Not being able to find Common Ground
This past week I attended an event hosted by Grand Valley State University’s Hauenstein Center for Presidential Studies and the Division of Inclusion and Equity called “Race and the American Dream.” The event was a Common Ground Initiative and involved a moderated discussion between two journalists: a progressive Nikole Hannah-Jones and a conservative Jason Riley. Yet, despite the moderator’s best efforts the two guests were unable to find common ground.
Common ground is not easy to find. And asking two people with very different viewpoints on an issue to find some way to agree on stage in one hour is unrealistic.
While both speakers agreed that there are problems regarding race in the United States that need to be fixed, they did not agree on what the problems were and did not agree on how to fix them. The moderator repeatedly asked them to find some way to agree and they repeatedly found themselves in increasingly intense arguments.
At the end of the event, the moderator tried one last time and asked the two journalists “How do we find common ground?” and Hannah-Jones replied very simply, “I don’t think that we do.”
While I commend the Hauenstein Center’s effort to bring in varying viewpoints and to open up a dialogue between them, it was awkward to watch the two be asked to find a way to agree over and over only to end up arguing more intensely with each other. Instead of forcing the two speakers to agree, the Hauenstein Center should have respected their differences in opinion and moved on.
If we could just find common ground by sitting people down on a stage and asking them to, there would be far fewer issues in Congress. Frankly, there would be far fewer issues in general. Hosting an event with the intention of forcing two people who don’t agree to agree was foolish.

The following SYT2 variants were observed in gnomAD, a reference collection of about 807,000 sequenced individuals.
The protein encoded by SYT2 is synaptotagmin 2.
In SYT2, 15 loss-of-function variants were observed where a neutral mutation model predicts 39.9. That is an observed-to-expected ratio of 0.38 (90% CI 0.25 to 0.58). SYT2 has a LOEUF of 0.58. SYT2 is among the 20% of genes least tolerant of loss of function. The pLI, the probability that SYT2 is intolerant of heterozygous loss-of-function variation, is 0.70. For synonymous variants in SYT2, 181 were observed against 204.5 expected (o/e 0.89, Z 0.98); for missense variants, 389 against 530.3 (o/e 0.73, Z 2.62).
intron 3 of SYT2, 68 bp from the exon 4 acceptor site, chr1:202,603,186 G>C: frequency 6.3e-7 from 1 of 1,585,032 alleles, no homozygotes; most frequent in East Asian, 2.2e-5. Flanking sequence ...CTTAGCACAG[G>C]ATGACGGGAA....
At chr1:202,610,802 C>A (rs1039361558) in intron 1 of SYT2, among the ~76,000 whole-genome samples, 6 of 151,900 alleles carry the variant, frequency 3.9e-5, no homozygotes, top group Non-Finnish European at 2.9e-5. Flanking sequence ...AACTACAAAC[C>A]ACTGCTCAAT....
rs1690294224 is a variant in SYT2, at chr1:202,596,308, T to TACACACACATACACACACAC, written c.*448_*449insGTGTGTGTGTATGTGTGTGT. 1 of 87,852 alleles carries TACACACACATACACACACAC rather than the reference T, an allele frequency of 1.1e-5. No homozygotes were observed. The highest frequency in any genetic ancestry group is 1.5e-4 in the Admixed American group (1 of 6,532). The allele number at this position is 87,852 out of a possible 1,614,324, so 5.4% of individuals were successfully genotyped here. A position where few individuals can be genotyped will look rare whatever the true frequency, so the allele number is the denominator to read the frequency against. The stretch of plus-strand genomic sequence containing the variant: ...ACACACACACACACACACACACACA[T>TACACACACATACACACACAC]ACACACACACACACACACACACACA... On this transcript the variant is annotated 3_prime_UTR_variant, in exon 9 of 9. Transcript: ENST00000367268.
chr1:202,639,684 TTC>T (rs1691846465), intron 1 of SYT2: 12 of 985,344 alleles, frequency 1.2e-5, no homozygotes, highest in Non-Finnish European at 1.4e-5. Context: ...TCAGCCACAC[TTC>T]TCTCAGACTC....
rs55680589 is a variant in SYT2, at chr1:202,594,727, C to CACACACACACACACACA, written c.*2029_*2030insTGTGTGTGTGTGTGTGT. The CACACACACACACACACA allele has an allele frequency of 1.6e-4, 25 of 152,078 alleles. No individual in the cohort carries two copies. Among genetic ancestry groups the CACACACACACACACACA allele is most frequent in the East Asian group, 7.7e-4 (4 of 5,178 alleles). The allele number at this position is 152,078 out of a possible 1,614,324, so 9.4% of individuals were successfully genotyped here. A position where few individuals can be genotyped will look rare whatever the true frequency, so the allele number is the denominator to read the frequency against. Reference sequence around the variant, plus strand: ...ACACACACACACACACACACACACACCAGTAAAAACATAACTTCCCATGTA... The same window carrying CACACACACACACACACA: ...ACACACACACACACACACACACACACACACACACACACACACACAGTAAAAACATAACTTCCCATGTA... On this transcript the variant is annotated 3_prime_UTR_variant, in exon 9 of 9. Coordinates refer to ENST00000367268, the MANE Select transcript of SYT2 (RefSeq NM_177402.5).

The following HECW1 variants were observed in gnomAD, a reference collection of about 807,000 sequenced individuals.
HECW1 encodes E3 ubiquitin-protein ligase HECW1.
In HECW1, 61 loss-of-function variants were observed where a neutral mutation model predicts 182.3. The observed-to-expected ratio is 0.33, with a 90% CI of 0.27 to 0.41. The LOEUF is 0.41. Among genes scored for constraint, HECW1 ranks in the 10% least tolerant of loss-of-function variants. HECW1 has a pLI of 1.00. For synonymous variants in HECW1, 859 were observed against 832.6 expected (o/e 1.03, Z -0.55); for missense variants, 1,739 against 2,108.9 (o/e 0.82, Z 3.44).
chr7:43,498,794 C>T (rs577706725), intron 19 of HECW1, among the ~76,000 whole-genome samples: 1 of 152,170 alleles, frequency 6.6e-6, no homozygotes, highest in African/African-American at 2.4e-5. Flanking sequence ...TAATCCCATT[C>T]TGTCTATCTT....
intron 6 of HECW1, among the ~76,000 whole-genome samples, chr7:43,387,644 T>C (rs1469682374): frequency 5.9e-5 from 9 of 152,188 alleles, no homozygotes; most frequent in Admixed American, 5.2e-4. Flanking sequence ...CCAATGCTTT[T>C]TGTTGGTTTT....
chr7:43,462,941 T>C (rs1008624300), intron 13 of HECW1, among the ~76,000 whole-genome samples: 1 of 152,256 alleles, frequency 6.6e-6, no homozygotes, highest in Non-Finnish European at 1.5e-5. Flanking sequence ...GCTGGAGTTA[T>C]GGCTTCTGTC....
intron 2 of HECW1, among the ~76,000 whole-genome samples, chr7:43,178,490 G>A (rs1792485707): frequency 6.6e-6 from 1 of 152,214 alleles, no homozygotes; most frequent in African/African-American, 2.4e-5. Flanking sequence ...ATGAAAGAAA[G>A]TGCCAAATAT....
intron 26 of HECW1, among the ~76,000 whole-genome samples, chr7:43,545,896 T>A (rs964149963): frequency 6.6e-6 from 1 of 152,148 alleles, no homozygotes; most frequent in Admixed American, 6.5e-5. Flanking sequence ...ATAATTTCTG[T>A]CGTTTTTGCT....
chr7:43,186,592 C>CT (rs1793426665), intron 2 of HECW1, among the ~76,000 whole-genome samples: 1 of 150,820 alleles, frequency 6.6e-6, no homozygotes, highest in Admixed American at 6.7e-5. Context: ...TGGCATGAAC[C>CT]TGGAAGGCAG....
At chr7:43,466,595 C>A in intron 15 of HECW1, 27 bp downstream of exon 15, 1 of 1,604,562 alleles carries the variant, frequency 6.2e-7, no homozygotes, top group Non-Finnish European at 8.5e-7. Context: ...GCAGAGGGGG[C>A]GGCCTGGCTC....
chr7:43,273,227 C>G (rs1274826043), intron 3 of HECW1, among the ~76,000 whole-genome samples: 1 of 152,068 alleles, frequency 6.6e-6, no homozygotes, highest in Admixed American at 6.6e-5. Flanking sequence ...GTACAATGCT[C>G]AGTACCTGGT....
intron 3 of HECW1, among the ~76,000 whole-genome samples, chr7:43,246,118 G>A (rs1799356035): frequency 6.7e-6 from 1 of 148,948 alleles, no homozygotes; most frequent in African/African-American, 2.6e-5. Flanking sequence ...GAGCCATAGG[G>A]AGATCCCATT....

Coming to an agreement takes time. It takes empathy, and it takes understanding. If the Hauenstein Center would like to encourage people to open a dialogue and encourage our community to find some sort of agreement, they should continue the conversation. Reoccurring events with more involvement from our community would go a long way to making change in the world. This event was unnecessarily discouraging to members of the community who hope to find common ground.
If you’re seeking substantial and meaningful common ground don’t be discouraged by the event, continue to engage people in conversation about the issues you care about. This was likely the intention of the event, to engage people who disagree in conversation and it’s a commendable intention. If you find someone you don’t agree with sit down with them and talk about it. Don’t give up because it’s awkward, continue the conversation.
Talking about these issues, attending events surrounding the issue and continually educating yourself is the only way that we can find solutions to the problems. I appreciate the Hauenstein Center offering these types of events to the public. They have tremendous value in our education and in furthering the conversation. Don’t be discouraged by one unsuccessful attempt to find common ground. Reassess and create a more meaningful way to engage the people around you in discussion.